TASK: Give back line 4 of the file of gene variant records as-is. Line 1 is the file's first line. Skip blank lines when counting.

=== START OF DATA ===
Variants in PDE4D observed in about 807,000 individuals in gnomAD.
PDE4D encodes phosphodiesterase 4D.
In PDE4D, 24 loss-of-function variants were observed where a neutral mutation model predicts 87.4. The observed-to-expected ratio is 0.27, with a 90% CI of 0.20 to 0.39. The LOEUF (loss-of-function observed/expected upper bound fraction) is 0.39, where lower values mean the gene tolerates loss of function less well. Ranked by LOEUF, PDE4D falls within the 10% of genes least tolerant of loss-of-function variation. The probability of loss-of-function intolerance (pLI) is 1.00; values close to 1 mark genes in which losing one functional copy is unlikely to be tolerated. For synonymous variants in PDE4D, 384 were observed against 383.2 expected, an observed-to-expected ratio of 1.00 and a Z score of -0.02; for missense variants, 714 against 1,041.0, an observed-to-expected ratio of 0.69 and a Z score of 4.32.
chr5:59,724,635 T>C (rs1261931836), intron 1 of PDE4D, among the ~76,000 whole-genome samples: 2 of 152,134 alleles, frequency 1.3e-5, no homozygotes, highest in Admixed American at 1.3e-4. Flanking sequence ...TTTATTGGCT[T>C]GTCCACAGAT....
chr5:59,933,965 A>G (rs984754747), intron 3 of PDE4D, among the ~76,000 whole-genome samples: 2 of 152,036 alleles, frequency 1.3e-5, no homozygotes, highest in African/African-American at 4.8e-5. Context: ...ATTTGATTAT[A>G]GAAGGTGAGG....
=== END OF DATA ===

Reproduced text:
chr5:59,724,635 T>C (rs1261931836), intron 1 of PDE4D, among the ~76,000 whole-genome samples: 2 of 152,134 alleles, frequency 1.3e-5, no homozygotes, highest in Admixed American at 1.3e-4. Flanking sequence ...TTTATTGGCT[T>C]GTCCACAGAT....